Generating electricity from raindrops
One drop of water can generate 140 V power — lighting up 100 LED bulbs — using a droplet-based electricity generator (DEG) developed by scientists at the City University of Hong Kong.
The DEG has a field-effect transistor (FET)-like structure that allows for high energy-conversion efficiency and instantaneous power density at a much higher rate than those without FET-like structure. It is thought that this could help to advance scientific research on water energy generation, as well as tackling the sustainable energy crisis.
The research was led together by Professor Wang Zuankai from CityU's Department of Mechanical Engineering, Professor Zeng Xiao Cheng from University of Nebraska-Lincoln and Professor Wang Zhong Lin, Founding Director and Chief Scientist from Beijing Institute of Nanoenergy and Nanosystems of Chinese Academy of Sciences. Their findings were published in the latest issue of the journal Nature.
Efficiency of electrical energy conversion greatly improved
Low-frequency kinetic energy contained in waves, tides and even raindrops is not efficiently converted into electrical energy due to limitations in current technology. For example, a conventional droplet energy generator based on the triboelectric effect can generate electricity induced by contact electrification and electrostatic induction when a droplet hits a surface. However, the number of charges generated on the surface is limited by the interfacial effect, and as a result, the energy conversion efficiency is quite low.
In order to improve the conversion efficiency, the research team has spent two years developing the DEG. Its instantaneous power density can reach up to 50.1 W/m2, which they say is thousands of times higher than other similar devices without the use of FET-like design. In addition, the energy conversion efficiency is markedly higher. This is because the team found that the continuous droplets impinging on PTFE — an electret material with a quasi-permanent electric charge — provides a new route for the accumulation and storage of high-density surface charges. The researchers also discovered that when water droplets continuously hit the surface of PTFE, the surface charges generated will accumulate and gradually reach saturation. This new discovery helped to overcome the bottleneck of low charge density encountered in previous work.
Field-effect transistor-like structure
Another key feature of their design is a set of structures similar to a FET, which was a Nobel Prize in Physics winning innovation in 1956 and has become the basic building block of modern electronic devices in contemporary times. The device consists of an aluminium electrode, and an indium tin oxide (ITO) electrode with a film of PTFE deposited on it. The PTFE/ITO electrode is responsible for the charge generation, storage and induction. When a falling water droplet hits and spreads on the PTFE/ITO surface, it naturally ‘bridges’ the aluminium electrode and the PTFE/ITO electrode, translating the original system into a closed-loop electric circuit.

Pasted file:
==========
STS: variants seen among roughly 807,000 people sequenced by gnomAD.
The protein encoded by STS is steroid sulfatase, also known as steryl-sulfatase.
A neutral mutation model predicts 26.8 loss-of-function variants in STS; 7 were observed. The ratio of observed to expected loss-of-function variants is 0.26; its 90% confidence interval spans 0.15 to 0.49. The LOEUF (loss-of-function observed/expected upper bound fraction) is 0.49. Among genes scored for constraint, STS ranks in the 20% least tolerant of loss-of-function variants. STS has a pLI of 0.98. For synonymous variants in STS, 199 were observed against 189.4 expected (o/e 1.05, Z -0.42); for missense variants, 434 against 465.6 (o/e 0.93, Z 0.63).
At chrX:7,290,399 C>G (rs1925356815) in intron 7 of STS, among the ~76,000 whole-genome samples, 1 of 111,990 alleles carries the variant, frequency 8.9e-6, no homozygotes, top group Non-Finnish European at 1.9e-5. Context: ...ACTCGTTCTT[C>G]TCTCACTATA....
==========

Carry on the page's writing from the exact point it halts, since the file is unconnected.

With this special design, a high density of surface charges can be accumulated on the PTFE through continuous droplet impinging. Meanwhile, when the spreading water connects the two electrodes, all the stored charges on the PTFE can be fully released for the generation of electric current. As a result, both the instantaneous power density and energy conversion efficiency are much higher.
"Our research shows that a drop of 100 microlitres (1 microlitre = one-millionth litre) of water released from a height of 15 cm can generate a voltage of over 140 V. And the power generated can light up 100 small LED light bulbs," Professor Zuankai said.
He added that the increase in instantaneous power density does not result from additional energy, but from the conversion of kinetic energy of water itself. "The kinetic energy entailed in falling water is due to gravity and can be regarded as free and renewable. It should be better utilised."
Their research also shows that the reduction in relative humidity does not affect the efficiency of power generation. Also, both rainwater and seawater can be used to generate electricity.
Facilitating sustainable energy
Professor Zuankai said he hoped that the outcome of this research would be to help to harvest water energy to respond to the global problem of renewable energy shortage.
"Generating power from raindrops instead of oil and nuclear energy can facilitate the sustainable development of the world," he said.
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